Hospitalized patients were older than non-hospitalized patients, with median ages of 61 years (interquartile range [IQR] 48–72 years) and 44 years (IQR 31–57 years), respectively. On univariable analysis when compared to non-hospitalized patients, hospitalized patients more frequently reported being male, having only public health insurance, and having a history of smoking (Table 1). Hospitalized patients less frequently reported current marijuana use or any alcohol consumption within the last year when compared to non-hospitalized patients. Hospitalization status did not differ by race or ethnicity.
Medications that were reportedly taken in the 30 days prior to illness onset among hospitalized patients and non-hospitalized patients are shown in Table 2. Anticoagulants, antihyperglycemics, antihypertensives, cholesterol medications, neuropathic pain treatments, opioids, and pain/fever reducing medications were significantly associated with hospitalization in crude univariable analysis.
Hospitalized patients had a higher median BMI (30; IQR 26–35) than non-hospitalized patients (26; IQR 23–30) and reported more individual underlying medical conditions among all organ systems and disease categories when compared with non-hospitalized patients (Table 3). Chronic lung disease, cardiovascular disease, endocrine disorders, renal disease, liver disease, autoimmune disorders, hematologic disorders, cancer, neurologic or neurodevelopmental disorders, and psychiatric diagnoses were all significantly associated with hospitalization in crude univariable analysis. Immunocompromising conditions were the only broad category not associated with hospitalization status on univariable analysis.
In multivariable analysis, age ≥65 years (aOR 3.22; 95% CI 1.20–7.97) and male sex (aOR 2.65; 95% CI 1.44–4.88) were the only patient characteristics significantly associated with hospitalization (Table 1). Additionally, history of taking opioids (aOR 8.05; 95% CI 1.16–55.77) was significantly associated with hospitalization. Opioids that patients noted taking in the 30 days before their illness onset included buprenorphine, hydrocodone, hydromorphone, morphine, oxycodone, and tramadol. Among underlying medical conditions, chronic hypoxemic respiratory failure with oxygen requirement (aOR 14.64; 95% CI 1.45–147.93), hypertension (aOR 3.14; 95% CI 1.47–6.71), having an arrhythmia (aOR 2.95; 95% CI 1.00–8.68), and obesity (BMI ≥30 kg/m2) (aOR 3.35; 95% CI 1.58–7.09) were significantly associated with hospitalization.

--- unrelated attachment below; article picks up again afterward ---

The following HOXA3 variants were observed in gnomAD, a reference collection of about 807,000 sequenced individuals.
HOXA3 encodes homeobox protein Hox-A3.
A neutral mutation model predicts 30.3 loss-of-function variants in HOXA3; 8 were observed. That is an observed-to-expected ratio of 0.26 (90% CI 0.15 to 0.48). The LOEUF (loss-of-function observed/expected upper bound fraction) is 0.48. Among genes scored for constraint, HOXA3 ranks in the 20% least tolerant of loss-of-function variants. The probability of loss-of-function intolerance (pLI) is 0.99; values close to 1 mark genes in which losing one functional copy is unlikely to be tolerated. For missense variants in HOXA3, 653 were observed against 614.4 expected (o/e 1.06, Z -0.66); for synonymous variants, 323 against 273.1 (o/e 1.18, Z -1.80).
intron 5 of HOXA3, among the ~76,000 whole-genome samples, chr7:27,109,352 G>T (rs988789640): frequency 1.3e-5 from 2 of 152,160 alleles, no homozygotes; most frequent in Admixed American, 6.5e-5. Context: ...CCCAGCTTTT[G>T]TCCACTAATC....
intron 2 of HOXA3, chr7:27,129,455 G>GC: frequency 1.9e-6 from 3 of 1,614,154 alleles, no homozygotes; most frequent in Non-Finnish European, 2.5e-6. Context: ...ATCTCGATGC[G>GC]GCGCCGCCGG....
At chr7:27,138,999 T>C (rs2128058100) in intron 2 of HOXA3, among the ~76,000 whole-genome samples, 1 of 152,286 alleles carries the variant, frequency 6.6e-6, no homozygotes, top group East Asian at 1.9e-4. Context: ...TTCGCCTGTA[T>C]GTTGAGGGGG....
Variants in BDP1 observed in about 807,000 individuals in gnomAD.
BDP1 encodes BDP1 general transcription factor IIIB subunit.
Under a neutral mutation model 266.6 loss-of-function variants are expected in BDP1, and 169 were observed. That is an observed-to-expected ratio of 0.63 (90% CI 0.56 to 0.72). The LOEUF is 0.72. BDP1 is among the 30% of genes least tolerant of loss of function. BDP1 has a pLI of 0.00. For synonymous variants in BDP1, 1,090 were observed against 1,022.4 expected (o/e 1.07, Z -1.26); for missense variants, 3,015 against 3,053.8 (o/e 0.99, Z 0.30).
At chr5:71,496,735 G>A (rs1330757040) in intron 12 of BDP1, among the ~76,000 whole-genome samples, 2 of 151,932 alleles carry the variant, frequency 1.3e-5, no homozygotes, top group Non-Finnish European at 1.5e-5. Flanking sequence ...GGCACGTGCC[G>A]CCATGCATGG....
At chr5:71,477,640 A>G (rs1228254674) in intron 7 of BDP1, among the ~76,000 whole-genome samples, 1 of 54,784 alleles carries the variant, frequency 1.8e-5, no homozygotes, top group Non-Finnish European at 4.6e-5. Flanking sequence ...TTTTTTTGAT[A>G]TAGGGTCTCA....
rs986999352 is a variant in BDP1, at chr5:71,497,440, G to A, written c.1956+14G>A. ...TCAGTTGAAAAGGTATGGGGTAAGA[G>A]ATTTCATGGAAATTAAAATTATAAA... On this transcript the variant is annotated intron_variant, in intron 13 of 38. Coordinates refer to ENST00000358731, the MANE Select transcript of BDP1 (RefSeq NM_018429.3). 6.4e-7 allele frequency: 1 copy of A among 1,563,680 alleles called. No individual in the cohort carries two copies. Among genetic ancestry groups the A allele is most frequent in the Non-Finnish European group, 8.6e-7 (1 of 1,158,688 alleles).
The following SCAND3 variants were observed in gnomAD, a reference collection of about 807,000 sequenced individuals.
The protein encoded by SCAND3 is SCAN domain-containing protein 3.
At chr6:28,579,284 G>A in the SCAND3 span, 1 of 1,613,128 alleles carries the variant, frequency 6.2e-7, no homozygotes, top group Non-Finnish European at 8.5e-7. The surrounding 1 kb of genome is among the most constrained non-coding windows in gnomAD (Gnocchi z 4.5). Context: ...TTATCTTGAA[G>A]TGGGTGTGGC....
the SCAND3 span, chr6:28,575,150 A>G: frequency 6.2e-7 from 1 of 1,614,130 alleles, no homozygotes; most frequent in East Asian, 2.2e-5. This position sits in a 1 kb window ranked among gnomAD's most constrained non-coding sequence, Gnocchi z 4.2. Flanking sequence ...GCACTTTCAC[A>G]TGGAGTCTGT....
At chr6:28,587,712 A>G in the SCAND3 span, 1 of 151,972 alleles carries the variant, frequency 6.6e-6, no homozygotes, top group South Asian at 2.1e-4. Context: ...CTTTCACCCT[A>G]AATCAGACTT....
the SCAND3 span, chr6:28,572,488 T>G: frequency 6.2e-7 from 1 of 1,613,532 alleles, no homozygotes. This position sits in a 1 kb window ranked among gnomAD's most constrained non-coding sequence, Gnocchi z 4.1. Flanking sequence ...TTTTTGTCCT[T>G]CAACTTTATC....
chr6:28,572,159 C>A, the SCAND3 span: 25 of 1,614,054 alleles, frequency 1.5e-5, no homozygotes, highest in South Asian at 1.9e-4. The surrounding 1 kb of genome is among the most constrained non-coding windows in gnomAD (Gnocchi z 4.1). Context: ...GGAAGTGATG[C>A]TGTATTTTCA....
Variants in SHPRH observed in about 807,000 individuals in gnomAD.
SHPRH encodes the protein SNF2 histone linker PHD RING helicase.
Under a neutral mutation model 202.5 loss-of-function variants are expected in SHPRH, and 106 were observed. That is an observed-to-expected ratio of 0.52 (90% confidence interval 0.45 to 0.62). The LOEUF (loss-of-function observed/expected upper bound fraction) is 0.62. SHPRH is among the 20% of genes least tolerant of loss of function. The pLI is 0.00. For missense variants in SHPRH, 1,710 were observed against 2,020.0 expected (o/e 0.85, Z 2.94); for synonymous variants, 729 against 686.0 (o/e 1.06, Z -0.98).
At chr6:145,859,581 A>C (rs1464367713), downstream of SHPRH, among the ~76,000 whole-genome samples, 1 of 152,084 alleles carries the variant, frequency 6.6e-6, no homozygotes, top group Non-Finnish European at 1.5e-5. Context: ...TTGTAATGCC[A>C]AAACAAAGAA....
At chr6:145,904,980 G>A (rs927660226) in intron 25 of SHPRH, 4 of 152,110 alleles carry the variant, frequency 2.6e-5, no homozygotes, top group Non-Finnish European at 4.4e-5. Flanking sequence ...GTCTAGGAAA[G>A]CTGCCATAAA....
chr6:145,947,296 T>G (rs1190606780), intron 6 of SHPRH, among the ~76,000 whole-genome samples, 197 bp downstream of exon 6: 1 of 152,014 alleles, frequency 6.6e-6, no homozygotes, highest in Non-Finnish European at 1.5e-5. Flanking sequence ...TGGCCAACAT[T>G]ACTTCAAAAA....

DM was reported as an underlying medical condition for 34 (27%) hospitalized patients and 20 (8%) non-hospitalized patients but was not significantly associated with hospitalization in multivariable analysis. However, when compared to non-hospitalized patients with DM, hospitalized patients with DM were more often ≥65 years old, male, obese, hypertensive, and had at least one other underlying condition adjusted for in our multivariable analysis (32 [94%] versus 11 [55%]) (Fig 1). Finally, patients with metabolic syndrome (the coexistence of DM, hypertension, and obesity) had significantly higher odds of hospitalization in multivariable analysis (aOR 5.71; CI 1.18–27.54).
Among patients with laboratory-confirmed COVID-19 in Colorado, our analysis found many patient characteristics, underlying medical conditions, and medications to be associated with hospitalization in crude analysis. However, after adjusting for previously described risk factors for severe disease, nine factors were found to be associated with hospitalization due to COVID-19, some that have been previously described (i.e., age, sex, obesity, hypertension, arrhythmia, metabolic syndrome) and others appear to be newly identified (i.e., chronic hypoxemic respiratory failure with oxygen requirement and opioid use). In addition, we did not detect a significant association between hospitalization and some factors that have been previously associated with hospitalization or other indicators of severe COVID-19, including race and ethnicity. Some differences in findings of this analysis and previous reports examining risk factors for severe COVID-19 are expected, due to differences in data collection methods (e.g., interview versus medical record abstraction), measures of disease severity used as outcomes (e.g., hospitalization, ICU admission, mechanical ventilation, or death), and how underlying medical conditions are distributed among different populations and categorized in analyses.
Older age and male sex have been consistently identified as risk factors for hospitalization and severe COVID-19 illness in many studies [7, 8, 13, 14, 27, 29, 48]. The increased risk of poor outcomes among older patients is likely, in part, related to waning immune function that comes with aging . The biologic mechanism causing more severe COVID-19 in males compared to females is unknown but likely multifactorial . The finding of older patients, and in some cases older male patients, having more severe disease is similar to many other viral respiratory diseases (e.g., influenza, SARS, MERS, respiratory syncytial virus) [50–52].
There is increasing evidence of the association between obesity and worse outcomes among persons with COVID-19 [7, 13, 27–30, 36–38, 53]. A dose-dependent effect among classes of obesity was present in our univariable analysis, but because of a large amount of overlap in CIs between classes, they were collapsed to a single “obese” category for multivariable analysis. Obesity has been linked to the development of several chronic conditions, including sleep apnea, coronary artery disease, type 2 DM, and hypertension . Once we adjusted for obesity in multivariable analysis, several of these related conditions were no longer significantly associated with hospitalization. Since we also adjusted for age in multivariable analysis, the association between hospitalization and obesity suggests that patients with obesity are more likely to be hospitalized, regardless of age, which has been found by others [32, 36].